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Posts Tagged ‘Autodesk’
Leveraging point cloud data can be an effective tool in creating an accurate model of a difficult space. Take this room for instance:
This space has crumbing walls, no ceiling, collapsing duct, and creates a condition where individuals can’t visualize what the space could look like. How do we communicate what this space COULD look like?
For us we started with a quick point cloud scan then brought it into Revit:
From this scan we were able to model the room’s current dimensions accurately (as well as the falling duct) in order to produce a conceptual illustration of what this room could look like as a blank slate.
From there we could have modeled it more, but it worked for our purposes. I did this rendering with the duct “falling down” as a visual que that yes, this is the same space, but that we could replace the duct and easily “clean it up”.
The entire time to complete: For two people, one working on the scan and one working in Revit, we could have started the scan at 9:00 AM and been to a point where the “white” model was done by 3:30 in the afternoon… including lunch and the 30 minute drive back to the office from the site.
If you would like to know more, let us know ( you can email me, Brian Myers, at email@example.com ) and we’ll be happy to discuss.
One of the more interesting technologies Autodesk has acquired in the past two years is called BIM 360 Glue.
Beyond clash detection and easy visualization, one of my favorite tools is “Immersive View”. Imagine holding an iPad in your hands that is displaying the structure you are currently in. Hold the pad out, around eye level, and look up…down, spin around…. and the model displays according to the direction you are looking. It’s like a “virtual reality” experience using an iPad.
Feel free to read this Autodesk blog posting to learn more about the technology and also download it from the iTunes AppStore.
Posted in Architecture, Structure, MEP, Civil Engineering, GIS, Platform AutoCAD, tagged 360, Apps, AutoCAD WS, Autodesk, Building Information Modeling, FormIt, Sketchbook on 12/01/2012 | Leave a Comment »
If you’ve not seen it, Autodesk has a page dedicated to their mobile applications:
There are some great Apps there. Some I’d recommend exploring include Autodesk BIM 360 Glue Mobile App, Autodesk FormIt, Autodesk SketchBook Mobile, and AutoCAD WS.
An Autodesk® 3ds Max® 2013 and Autodesk® 3ds Max® Design 2013 software product update (PU12) is now available on the Autodesk 3ds Max Services & Support and Autodesk 3ds Max Design Services & Support web pages. PU12 includes fixes for stability and performance issues based on customer feedback. For more information and the complete list of fixes included in these product updates, please refer to the release notes on the Services & Support pages.
More appropriately stated, your designs can be blown away by Vasari!
Autodesk Vasari, once known as Project Vasari before it graduated Autodesk Labs, has often been mistaken as a reduced functionality version of Revit… or perhaps the birth of Revit LT. But tell me, can Revit do this?
Yes, that’s the default Revit building inside a wind tunnel simulation. By the way, those red vectors are not static… they are MOVING on the screen (but caught in this image in a suspended state). Lets look at it in another view and different wind direction:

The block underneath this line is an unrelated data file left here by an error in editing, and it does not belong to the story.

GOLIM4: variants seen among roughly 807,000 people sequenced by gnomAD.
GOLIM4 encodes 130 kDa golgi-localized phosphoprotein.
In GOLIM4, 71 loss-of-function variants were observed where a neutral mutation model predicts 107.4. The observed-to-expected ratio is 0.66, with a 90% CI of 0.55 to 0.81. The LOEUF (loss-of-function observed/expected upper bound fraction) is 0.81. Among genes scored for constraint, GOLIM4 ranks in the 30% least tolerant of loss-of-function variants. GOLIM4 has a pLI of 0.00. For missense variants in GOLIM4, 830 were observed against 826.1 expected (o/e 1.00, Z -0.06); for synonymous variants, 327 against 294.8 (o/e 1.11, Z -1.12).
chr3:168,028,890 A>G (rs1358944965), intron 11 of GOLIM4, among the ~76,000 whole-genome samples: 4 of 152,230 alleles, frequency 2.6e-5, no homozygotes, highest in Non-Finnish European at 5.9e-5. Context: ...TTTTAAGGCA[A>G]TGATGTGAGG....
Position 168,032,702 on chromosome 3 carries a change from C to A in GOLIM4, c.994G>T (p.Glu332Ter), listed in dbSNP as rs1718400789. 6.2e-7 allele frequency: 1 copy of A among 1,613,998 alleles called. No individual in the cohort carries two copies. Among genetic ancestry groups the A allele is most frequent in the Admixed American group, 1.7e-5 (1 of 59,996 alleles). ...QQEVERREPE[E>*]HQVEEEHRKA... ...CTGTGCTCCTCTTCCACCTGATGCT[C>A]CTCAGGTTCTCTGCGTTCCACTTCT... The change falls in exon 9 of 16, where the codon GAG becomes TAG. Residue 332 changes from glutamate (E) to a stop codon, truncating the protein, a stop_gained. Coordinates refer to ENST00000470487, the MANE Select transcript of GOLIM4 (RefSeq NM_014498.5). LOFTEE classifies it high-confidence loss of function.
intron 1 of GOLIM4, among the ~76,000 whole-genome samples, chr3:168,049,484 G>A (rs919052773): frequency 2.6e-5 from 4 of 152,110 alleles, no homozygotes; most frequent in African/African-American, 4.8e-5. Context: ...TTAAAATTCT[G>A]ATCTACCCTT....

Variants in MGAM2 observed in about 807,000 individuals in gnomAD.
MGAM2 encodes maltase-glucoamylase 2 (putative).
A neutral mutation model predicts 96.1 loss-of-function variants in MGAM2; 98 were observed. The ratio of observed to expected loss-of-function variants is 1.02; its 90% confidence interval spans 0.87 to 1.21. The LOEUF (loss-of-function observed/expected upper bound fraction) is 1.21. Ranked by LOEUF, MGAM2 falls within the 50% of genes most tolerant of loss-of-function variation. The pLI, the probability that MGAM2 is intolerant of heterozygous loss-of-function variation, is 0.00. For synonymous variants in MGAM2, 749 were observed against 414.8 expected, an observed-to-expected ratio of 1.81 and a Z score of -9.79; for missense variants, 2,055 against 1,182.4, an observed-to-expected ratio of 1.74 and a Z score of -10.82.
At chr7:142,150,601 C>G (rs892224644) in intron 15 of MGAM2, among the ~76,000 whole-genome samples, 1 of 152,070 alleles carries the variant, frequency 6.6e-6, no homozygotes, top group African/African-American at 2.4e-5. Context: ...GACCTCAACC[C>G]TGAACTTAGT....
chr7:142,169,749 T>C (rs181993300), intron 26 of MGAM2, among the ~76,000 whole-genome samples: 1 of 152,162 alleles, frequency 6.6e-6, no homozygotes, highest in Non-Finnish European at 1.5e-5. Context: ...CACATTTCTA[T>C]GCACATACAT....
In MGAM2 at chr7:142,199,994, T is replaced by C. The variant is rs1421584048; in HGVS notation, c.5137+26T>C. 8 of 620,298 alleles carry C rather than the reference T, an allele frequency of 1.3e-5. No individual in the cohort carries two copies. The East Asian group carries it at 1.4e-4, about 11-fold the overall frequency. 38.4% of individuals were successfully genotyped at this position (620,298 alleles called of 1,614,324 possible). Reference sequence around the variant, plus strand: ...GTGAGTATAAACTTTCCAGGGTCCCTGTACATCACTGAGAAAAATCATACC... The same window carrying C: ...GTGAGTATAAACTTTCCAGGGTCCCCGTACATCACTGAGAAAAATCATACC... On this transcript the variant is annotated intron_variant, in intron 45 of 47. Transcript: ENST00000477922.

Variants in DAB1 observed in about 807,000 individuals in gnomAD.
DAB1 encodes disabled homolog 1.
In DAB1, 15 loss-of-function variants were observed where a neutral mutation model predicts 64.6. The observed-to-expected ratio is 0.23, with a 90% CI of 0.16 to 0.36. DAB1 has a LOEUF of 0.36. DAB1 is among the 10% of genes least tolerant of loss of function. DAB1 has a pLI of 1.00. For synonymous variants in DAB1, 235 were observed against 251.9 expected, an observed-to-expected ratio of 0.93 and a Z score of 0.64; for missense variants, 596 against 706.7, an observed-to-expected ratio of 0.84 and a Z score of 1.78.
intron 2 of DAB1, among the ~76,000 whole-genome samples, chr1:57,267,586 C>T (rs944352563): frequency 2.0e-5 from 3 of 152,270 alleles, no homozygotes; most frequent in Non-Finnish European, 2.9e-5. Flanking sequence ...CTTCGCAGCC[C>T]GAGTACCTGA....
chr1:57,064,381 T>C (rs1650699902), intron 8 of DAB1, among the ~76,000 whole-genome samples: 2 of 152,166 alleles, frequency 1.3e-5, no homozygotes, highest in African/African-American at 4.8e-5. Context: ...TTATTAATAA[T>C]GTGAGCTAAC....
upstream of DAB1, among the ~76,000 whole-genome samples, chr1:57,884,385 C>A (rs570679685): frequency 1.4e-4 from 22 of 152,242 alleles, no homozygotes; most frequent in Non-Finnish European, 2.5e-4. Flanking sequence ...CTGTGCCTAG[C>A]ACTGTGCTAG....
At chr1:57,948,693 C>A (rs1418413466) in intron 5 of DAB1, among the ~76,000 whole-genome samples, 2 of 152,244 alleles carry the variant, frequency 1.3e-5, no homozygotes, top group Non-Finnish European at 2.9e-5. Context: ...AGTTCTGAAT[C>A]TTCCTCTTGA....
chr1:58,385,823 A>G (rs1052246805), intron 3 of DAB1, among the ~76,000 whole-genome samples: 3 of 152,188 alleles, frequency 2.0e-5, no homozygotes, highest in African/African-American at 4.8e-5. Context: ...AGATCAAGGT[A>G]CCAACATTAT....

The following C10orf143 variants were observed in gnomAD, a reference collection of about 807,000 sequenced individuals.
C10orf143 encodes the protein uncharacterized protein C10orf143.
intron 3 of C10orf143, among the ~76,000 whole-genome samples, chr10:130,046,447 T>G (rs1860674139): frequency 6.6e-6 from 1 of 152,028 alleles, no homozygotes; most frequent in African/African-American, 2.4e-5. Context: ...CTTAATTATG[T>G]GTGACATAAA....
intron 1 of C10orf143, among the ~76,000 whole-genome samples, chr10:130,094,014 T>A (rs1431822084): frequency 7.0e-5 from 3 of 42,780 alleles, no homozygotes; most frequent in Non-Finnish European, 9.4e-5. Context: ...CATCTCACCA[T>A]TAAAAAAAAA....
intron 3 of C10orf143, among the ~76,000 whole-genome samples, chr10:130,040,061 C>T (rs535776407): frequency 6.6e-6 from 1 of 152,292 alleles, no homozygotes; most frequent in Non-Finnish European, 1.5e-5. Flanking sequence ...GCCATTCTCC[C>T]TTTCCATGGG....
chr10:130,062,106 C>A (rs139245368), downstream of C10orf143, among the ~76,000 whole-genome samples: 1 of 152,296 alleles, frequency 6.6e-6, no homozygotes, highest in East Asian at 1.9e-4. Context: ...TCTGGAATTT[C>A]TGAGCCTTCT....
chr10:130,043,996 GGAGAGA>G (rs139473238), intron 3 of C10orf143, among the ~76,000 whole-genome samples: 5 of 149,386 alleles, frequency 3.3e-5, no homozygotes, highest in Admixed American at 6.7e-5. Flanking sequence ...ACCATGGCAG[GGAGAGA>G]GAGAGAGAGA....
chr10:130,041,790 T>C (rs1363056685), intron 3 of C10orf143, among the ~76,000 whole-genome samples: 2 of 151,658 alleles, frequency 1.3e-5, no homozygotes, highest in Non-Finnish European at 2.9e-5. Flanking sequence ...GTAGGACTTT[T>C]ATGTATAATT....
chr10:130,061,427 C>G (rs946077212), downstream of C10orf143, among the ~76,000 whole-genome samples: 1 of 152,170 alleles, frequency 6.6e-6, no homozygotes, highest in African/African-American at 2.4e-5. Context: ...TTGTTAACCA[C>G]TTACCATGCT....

You can see the airflow patterns get disrupted then begin to swirl in the courtyard in this image. When the settings are adjusted it can resemble pools of colorful water flowing on the screen… when in reality we are observing different air speeds/currents flowing past the structure.
Another feature of Vasari is that it provides feedback related to energy modeling and display the levels of solar radiation on the face of a structure. While those two functions are mostly limited to mass models and conceptual design (which Vasari excels at) that doesn’t mean you can’t bring in your Revit designs and send them through the built in wind tunnel, like I did in the example above. This works great, particularly if you “mass in” surrounding buildings as cubes/shapes. Once you’ve done that, you can animate the air flow (wind) created by your design or shadows that fall on surrounding buildings, landscaping and paths to gain a better understanding of the environmental impact on the site and surrounding area.
The best thing about this software is that Autodesk is still not charging for it, even after Labs graduation. So download it today at
In December I’ll be holding a class on the use of Vasari for conceptual design and how to incorporate it into your Revit workflow, I’ll update you as details are announced.
Posted in Architecture, Structure, MEP, Civil 3D, Civil Engineering, GIS, Map 3D, Platform AutoCAD, Revit Architecture, Revit MEP, Revit Structure, tagged Autodesk, Building Information Modeling, CAD Americas, Computer-aided design, Excel, Paul Aubin, Rick Ellis, Robert Green on 09/19/2012 | Leave a Comment »
On October 4th, Paul Aubin, Rick Ellis, Robert Green, Jeff Bartels, Steve Schain and I (Brian Myers) will be teaching courses on a variety of software topics in St Louis, Missouri. The event is called CAD Americas. Topics will range from AutoCAD to Civil 3D and from Revit to BIM Link with a bit of general CAD management thrown in for good measure. The best part, you get to pick the courses you wish to attend with nationally recognized trainers and authors.
I look forward to meeting you at the event!
To register you can follow this link: http://bit.ly/NDs9cd
Posted in Architecture, Structure, MEP, Revit Architecture, Revit MEP, Revit Structure, tagged Autodesk, Autodesk Revit, Building Information Modeling, Revit, Revit LT on 09/05/2012 | Leave a Comment »